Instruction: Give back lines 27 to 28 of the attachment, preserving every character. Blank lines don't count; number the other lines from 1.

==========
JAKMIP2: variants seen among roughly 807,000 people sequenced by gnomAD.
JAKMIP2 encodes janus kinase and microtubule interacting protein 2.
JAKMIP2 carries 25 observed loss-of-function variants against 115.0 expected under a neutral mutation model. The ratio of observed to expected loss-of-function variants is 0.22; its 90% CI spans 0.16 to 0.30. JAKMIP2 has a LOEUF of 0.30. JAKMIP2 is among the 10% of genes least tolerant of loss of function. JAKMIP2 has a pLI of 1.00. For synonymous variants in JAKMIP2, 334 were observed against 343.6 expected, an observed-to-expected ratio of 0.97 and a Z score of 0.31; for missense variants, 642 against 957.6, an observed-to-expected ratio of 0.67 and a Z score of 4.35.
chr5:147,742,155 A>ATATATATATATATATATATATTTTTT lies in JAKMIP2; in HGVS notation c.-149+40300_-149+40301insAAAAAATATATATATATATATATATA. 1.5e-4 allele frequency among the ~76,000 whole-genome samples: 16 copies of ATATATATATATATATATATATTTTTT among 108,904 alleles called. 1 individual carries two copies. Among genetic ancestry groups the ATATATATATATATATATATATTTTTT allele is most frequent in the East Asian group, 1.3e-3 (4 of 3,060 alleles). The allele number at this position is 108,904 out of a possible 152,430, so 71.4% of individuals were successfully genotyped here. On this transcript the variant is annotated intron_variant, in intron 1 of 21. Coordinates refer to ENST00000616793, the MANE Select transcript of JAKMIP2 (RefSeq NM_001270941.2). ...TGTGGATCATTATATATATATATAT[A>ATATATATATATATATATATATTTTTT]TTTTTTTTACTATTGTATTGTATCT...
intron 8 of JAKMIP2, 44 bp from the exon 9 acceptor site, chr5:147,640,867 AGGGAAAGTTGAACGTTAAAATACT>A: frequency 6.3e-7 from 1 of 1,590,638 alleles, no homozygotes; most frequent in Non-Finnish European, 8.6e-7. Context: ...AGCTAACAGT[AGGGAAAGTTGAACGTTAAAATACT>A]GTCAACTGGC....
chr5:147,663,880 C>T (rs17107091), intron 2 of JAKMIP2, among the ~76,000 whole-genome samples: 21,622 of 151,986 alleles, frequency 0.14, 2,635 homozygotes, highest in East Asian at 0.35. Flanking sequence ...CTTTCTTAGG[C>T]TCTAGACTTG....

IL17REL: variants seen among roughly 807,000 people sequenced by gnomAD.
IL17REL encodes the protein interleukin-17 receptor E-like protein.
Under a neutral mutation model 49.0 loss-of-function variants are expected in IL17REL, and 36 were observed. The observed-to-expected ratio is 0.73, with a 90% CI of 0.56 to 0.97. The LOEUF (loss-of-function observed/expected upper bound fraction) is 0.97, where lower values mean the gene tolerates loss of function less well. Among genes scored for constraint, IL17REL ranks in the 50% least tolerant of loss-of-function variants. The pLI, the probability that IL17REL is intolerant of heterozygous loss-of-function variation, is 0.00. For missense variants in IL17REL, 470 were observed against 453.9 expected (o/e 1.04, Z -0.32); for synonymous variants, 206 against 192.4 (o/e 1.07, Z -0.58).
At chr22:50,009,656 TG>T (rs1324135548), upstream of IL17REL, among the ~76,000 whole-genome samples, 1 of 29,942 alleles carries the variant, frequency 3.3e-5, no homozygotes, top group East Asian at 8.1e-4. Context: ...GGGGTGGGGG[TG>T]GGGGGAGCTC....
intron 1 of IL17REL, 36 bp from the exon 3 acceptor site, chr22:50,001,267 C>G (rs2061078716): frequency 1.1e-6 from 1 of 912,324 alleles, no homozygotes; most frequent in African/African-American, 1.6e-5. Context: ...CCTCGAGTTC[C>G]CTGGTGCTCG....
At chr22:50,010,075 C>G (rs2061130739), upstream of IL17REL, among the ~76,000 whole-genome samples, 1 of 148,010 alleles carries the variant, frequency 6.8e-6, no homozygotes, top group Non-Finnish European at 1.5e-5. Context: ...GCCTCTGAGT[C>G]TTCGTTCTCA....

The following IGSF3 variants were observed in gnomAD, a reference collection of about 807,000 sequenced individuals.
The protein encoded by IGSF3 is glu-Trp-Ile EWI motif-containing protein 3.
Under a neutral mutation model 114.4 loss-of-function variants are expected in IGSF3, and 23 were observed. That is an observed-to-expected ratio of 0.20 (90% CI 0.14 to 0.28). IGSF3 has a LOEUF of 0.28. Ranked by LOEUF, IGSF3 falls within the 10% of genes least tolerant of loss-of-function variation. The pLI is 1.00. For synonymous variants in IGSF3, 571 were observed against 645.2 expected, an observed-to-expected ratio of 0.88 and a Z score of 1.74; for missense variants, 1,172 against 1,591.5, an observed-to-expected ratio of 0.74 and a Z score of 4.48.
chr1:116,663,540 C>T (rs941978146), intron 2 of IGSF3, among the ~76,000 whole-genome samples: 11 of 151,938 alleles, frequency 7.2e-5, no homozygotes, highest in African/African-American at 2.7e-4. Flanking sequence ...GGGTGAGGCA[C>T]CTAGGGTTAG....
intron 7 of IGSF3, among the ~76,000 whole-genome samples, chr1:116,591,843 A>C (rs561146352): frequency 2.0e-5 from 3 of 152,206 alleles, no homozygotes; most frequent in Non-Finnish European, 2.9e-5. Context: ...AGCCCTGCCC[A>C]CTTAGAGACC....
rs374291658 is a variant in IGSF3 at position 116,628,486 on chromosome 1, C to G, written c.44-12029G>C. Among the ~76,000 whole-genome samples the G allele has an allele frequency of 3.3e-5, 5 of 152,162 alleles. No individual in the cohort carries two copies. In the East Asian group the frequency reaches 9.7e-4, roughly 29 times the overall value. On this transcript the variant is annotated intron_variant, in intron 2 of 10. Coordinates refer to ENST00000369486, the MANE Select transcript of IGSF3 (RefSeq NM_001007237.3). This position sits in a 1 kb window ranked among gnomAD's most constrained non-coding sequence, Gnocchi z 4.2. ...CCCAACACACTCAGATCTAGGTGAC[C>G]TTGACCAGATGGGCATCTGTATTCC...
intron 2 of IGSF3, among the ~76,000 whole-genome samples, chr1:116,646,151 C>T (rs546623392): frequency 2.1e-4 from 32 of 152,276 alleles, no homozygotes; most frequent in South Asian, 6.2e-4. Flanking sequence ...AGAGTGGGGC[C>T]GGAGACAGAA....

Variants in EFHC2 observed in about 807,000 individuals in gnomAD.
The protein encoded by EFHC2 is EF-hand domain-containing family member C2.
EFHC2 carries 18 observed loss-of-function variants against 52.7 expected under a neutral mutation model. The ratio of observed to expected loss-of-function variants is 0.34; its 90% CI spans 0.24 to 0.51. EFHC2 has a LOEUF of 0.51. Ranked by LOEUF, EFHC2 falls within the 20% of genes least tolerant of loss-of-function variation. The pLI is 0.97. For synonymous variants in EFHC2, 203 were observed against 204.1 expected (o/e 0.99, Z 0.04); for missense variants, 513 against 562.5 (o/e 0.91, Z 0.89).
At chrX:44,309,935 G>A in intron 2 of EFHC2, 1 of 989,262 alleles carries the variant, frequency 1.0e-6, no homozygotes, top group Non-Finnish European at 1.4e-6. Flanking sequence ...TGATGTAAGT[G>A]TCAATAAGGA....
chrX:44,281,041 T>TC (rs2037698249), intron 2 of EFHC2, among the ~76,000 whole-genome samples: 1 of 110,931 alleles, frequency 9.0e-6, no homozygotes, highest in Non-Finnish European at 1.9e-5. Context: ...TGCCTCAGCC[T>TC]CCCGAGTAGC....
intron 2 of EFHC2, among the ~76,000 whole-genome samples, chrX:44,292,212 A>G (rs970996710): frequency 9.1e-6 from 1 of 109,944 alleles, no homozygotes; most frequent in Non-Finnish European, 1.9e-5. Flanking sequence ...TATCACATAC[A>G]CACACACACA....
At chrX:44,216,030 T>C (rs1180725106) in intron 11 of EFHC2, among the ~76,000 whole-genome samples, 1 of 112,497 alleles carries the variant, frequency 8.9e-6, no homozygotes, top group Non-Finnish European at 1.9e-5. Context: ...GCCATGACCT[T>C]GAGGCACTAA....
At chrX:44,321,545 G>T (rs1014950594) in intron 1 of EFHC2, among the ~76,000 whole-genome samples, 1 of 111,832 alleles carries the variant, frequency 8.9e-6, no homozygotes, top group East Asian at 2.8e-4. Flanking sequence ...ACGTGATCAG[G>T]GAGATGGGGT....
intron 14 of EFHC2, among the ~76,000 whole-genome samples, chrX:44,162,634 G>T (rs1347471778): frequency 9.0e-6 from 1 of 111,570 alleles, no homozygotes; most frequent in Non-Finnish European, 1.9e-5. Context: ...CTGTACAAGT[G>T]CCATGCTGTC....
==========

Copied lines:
At chrX:44,321,545 G>T (rs1014950594) in intron 1 of EFHC2, among the ~76,000 whole-genome samples, 1 of 111,832 alleles carries the variant, frequency 8.9e-6, no homozygotes, top group East Asian at 2.8e-4. Flanking sequence ...ACGTGATCAG[G>T]GAGATGGGGT....
intron 14 of EFHC2, among the ~76,000 whole-genome samples, chrX:44,162,634 G>T (rs1347471778): frequency 9.0e-6 from 1 of 111,570 alleles, no homozygotes; most frequent in Non-Finnish European, 1.9e-5. Context: ...CTGTACAAGT[G>T]CCATGCTGTC....